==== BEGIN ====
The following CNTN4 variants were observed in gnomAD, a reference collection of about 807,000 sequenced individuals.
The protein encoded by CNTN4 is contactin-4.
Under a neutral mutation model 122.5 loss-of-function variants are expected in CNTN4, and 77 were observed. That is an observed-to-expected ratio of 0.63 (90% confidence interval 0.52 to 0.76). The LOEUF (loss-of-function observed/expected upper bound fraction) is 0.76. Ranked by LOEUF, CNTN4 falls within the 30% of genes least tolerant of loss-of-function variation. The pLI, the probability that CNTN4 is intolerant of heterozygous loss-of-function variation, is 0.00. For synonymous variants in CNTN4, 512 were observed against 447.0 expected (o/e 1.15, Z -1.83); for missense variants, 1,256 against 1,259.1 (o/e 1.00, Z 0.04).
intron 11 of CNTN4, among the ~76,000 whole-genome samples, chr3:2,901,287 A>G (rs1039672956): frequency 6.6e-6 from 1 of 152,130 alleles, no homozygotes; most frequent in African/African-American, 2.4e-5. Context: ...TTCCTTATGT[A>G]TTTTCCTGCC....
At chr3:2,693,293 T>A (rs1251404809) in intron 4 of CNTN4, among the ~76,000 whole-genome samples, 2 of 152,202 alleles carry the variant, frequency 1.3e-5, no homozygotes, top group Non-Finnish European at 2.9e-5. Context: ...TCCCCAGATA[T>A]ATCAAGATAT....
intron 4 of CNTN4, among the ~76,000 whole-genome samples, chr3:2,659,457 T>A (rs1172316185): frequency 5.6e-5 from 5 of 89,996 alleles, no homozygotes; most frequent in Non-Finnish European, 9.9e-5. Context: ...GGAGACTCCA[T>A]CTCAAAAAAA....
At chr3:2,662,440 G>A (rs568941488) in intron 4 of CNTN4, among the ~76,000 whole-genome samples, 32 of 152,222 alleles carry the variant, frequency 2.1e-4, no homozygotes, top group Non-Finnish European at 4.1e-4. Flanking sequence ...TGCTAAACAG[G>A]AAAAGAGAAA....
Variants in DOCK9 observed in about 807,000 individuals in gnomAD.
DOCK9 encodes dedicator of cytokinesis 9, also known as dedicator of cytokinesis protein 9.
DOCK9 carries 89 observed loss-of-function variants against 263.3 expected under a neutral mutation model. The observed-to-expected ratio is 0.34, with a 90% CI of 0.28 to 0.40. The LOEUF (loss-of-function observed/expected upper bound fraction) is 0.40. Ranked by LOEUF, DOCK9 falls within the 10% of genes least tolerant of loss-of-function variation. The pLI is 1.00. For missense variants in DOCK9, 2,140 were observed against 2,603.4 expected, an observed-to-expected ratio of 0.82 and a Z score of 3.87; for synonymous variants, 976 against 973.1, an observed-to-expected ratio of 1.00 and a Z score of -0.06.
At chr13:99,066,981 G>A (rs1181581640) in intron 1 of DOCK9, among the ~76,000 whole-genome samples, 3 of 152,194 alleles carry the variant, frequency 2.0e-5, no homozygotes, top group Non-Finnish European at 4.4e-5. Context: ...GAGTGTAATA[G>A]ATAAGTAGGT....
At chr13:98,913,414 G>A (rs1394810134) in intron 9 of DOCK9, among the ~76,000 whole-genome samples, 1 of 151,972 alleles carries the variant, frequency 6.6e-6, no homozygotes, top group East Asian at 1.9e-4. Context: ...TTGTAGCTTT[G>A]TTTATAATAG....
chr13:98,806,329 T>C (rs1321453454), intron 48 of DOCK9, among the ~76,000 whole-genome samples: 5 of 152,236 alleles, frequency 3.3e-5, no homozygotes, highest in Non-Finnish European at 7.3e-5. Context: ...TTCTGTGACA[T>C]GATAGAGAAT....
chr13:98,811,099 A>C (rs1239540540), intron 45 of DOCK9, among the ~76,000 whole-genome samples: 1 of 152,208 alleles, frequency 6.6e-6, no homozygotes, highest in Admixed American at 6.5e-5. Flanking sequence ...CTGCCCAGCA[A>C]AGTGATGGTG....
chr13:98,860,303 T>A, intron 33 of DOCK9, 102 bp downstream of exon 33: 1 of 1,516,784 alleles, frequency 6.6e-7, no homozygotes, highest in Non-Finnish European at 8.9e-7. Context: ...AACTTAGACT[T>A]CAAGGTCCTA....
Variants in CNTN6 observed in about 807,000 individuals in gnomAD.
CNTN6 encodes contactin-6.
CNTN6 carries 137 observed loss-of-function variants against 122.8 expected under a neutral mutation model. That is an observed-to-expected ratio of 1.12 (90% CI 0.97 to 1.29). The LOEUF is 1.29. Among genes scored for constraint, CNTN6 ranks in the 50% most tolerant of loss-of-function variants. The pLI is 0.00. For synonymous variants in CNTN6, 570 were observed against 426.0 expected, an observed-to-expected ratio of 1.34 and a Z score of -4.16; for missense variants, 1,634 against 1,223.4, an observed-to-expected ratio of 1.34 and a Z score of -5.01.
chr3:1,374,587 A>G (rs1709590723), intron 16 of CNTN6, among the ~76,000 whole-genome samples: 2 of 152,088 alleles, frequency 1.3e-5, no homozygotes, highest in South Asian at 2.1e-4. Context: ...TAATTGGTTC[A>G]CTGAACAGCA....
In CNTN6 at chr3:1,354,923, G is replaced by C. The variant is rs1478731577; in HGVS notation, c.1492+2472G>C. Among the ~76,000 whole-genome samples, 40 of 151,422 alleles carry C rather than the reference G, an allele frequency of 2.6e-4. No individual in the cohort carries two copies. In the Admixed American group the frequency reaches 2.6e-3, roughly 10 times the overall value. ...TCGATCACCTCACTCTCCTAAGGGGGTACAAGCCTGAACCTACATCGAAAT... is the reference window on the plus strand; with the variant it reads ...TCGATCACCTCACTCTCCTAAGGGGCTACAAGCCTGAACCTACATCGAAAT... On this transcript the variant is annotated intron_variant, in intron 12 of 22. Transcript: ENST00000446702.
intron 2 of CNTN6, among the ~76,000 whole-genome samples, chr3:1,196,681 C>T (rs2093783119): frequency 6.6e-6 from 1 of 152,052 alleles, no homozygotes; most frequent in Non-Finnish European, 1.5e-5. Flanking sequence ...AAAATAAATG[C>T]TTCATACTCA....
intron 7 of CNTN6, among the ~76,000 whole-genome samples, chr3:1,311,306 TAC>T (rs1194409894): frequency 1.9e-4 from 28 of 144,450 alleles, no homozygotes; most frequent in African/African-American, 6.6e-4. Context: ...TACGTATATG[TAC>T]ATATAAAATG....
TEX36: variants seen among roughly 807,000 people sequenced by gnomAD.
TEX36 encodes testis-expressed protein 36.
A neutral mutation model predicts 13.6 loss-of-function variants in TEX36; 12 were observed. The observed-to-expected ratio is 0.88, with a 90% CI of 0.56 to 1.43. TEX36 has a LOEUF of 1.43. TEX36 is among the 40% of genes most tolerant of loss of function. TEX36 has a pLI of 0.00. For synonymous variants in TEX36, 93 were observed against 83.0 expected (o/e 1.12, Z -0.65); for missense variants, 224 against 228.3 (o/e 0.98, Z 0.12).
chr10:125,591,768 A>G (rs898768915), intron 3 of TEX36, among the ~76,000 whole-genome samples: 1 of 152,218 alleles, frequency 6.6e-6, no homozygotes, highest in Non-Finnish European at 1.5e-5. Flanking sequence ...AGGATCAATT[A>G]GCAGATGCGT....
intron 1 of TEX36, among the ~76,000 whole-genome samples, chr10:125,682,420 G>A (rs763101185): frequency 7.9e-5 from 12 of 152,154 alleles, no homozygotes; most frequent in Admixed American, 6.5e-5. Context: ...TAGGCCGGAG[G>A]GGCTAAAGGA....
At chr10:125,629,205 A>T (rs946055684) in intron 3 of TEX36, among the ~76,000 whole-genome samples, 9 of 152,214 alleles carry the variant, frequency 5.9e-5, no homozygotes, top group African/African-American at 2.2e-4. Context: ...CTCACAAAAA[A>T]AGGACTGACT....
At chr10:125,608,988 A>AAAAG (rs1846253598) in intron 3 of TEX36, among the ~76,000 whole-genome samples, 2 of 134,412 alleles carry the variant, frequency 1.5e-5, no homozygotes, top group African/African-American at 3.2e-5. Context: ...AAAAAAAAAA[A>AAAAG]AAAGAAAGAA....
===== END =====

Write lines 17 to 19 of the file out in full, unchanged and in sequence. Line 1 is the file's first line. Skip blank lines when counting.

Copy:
CNTN6 encodes contactin-6.
CNTN6 carries 137 observed loss-of-function variants against 122.8 expected under a neutral mutation model. That is an observed-to-expected ratio of 1.12 (90% CI 0.97 to 1.29). The LOEUF is 1.29. Among genes scored for constraint, CNTN6 ranks in the 50% most tolerant of loss-of-function variants. The pLI is 0.00. For synonymous variants in CNTN6, 570 were observed against 426.0 expected, an observed-to-expected ratio of 1.34 and a Z score of -4.16; for missense variants, 1,634 against 1,223.4, an observed-to-expected ratio of 1.34 and a Z score of -5.01.
chr3:1,374,587 A>G (rs1709590723), intron 16 of CNTN6, among the ~76,000 whole-genome samples: 2 of 152,088 alleles, frequency 1.3e-5, no homozygotes, highest in South Asian at 2.1e-4. Context: ...TAATTGGTTC[A>G]CTGAACAGCA....